Although social movements may engage in extra-institutional politics, their activities often overlap substantially with electoral politics. For the second month, Mobilizing Ideas invites contributors to look at how political campaigns strategically use and interact with social movements. Current examples would be how the political campaigns in the US have related to Black Lives Matter or Occupy. We ask our contributors to consider how political actors use movements to advance their own goals, with or without the consent of those movements. Contributors also consider how movements respond to these efforts.

Many thanks to our fantastic group of contributors.

Catherine Kane, University of Maryland-College Park (essay)
Paul Burstein,University of Washington-Seattle (essay)

Editors in Chief,
Grace Yukich, David Ortiz, Rory McVeigh, Guillermo Trejo

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Party or Movement? American Minor Parties and Political Campaigns

By Catherine Kane

K.B.: “What is the value of parties?”

Dr. Stein: “Those of us who do not have [wealthy backers], and that is most American people…we need to work together, and we need to build. Parties are how we work together across multiple issues, across time, and build from election to election. That is the only way we are going to change things.”

2012 Independent Political Report Interview of Green Party Presidential Nominee Jill Stein.

Conversations about American political campaigns focus on the major parties, their candidates, and increasingly on the social movements that ally with or protest them. Discussions of social movements in electoral politics highlight the dichotomy between these two forms of organization. Political parties compete in the election while movements take action through alignment with parties (e.g. endorsements, issue advocacy, mobilization), protest against parties (e.g. contesting platforms, disrupting events, or raising awareness of alternatives), or some combination of the two. Meanwhile, minor parties and their candidates enter the debate, only figuratively, through discussions of their capacity to spoil the election or to expand the representativeness of the American party system. This addresses only the electoral behavior of minor parties during political campaigns. In reality, minor parties take on the behaviors of both party and social movement organizations (SMOs). They run for office while also aligning with and protesting major party actions. Minor parties in America present an interesting form of movement and party interaction through their incorporation of both into one hybrid organization form. Continue reading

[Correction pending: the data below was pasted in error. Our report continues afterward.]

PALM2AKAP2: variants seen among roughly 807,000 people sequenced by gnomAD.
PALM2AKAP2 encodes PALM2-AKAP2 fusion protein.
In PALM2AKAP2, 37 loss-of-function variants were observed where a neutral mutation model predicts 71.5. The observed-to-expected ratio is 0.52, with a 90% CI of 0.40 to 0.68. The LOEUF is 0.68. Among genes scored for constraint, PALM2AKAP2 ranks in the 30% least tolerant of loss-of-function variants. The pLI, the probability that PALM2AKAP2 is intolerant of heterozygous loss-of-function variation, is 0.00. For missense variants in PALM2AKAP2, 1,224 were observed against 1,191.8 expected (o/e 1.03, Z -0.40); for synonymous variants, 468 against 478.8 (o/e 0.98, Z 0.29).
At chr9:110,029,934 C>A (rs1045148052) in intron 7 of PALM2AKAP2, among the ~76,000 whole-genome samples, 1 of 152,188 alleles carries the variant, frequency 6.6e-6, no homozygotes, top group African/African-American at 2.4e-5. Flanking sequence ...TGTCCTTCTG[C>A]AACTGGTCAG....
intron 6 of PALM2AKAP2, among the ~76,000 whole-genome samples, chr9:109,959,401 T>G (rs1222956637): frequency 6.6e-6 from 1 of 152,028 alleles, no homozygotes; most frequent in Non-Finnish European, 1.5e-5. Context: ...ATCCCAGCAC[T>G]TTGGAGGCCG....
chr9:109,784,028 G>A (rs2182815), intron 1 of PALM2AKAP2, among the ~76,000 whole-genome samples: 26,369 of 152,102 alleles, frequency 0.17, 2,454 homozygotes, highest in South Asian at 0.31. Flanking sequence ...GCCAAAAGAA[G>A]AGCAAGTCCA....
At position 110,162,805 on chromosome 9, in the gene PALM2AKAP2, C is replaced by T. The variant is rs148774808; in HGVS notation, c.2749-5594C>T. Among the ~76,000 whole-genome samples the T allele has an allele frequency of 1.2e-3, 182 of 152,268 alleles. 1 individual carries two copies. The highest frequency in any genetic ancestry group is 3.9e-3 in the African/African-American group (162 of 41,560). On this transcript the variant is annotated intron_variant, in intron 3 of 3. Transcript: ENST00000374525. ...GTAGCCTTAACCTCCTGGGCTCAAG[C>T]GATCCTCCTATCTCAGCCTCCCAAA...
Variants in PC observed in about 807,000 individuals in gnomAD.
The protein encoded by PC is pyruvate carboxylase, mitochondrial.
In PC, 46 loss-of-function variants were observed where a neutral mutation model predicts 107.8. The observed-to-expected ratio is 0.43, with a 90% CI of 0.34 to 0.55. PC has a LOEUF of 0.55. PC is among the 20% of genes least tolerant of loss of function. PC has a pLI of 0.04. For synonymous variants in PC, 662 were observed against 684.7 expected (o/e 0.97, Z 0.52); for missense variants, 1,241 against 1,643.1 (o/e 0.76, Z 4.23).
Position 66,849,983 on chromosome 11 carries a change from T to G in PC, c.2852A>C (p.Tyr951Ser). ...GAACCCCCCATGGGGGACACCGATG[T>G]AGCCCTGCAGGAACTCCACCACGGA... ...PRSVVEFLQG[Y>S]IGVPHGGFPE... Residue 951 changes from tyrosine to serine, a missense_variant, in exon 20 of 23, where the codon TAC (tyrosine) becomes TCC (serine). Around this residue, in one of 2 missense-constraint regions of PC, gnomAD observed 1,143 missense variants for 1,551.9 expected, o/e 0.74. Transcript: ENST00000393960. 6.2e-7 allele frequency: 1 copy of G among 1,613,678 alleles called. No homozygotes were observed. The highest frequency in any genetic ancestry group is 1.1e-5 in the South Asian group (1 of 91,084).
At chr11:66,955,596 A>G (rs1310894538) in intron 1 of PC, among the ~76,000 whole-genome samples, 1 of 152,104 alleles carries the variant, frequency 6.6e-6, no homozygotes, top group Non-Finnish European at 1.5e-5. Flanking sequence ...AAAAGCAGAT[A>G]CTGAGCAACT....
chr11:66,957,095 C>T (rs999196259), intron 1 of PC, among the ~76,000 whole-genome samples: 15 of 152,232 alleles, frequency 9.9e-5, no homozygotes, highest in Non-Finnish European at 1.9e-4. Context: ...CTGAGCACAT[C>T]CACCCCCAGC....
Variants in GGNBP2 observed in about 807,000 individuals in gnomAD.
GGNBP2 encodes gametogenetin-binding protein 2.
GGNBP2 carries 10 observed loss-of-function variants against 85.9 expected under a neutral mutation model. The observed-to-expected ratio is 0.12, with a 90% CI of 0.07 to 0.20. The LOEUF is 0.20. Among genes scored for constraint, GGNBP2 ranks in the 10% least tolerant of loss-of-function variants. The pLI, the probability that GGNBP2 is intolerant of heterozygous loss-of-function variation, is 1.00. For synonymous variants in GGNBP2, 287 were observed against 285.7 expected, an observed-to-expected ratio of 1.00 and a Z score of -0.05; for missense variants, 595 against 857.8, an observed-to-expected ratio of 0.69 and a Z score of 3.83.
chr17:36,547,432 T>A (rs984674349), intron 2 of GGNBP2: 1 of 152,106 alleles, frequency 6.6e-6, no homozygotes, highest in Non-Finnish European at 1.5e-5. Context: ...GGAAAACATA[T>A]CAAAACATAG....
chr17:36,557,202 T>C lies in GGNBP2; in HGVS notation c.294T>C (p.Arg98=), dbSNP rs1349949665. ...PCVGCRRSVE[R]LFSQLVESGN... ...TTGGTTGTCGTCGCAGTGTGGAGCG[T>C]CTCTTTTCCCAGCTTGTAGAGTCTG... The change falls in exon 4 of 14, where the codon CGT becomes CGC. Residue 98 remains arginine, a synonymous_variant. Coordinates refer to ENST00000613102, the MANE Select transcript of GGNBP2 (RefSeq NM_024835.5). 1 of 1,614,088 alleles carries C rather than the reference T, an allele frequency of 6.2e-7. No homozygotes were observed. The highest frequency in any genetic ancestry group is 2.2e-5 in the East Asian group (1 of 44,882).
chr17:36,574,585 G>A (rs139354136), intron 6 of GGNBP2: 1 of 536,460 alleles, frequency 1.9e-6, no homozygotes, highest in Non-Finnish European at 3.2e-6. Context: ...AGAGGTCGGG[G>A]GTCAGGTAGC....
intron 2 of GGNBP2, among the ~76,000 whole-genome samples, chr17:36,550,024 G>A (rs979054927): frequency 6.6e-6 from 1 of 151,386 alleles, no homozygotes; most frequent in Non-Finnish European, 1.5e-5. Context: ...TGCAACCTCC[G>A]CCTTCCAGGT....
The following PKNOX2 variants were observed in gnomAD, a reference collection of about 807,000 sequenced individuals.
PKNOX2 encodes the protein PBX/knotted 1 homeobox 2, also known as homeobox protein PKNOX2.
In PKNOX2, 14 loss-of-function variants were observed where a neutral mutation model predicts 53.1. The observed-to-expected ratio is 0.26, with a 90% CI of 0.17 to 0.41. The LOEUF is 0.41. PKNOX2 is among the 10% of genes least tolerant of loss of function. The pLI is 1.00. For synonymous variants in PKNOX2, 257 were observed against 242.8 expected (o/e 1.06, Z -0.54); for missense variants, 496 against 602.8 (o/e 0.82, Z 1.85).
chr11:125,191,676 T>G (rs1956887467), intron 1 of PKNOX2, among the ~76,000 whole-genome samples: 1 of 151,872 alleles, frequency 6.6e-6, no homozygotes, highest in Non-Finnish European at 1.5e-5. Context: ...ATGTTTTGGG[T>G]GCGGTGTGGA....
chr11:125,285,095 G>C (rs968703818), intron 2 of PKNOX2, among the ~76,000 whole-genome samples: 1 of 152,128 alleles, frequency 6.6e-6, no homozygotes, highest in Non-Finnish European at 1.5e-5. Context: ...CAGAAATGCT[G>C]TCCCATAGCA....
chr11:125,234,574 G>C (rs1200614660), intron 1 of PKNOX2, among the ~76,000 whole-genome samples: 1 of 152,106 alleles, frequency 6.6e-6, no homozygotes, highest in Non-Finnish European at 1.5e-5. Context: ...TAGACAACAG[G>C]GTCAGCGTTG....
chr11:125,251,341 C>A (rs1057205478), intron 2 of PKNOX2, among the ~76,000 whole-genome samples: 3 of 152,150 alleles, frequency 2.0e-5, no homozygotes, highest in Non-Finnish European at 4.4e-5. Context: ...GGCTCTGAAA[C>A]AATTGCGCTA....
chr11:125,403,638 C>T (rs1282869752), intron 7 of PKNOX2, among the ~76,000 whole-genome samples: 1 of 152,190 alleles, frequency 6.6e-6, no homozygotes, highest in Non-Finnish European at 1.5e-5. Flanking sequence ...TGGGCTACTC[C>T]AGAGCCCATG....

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Political Parties, Social Movements, and Presidential Elections, 1896 and 2012

By Paul Burstein

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Presidential election results, 1896 and 2012 (source: http://www.270towin.com)

Anyone who looks at maps portraying presidential voting by state for 1896 and 2012 can easily reach two conclusions. First, American politics is amazingly static. The country remained divided into the same two blocs of states: the South and much of the North Central Midwest and Mountain states on one side, and on the other side New England, the Middle Atlantic and midwestern industrial states, and the west coast. Continue reading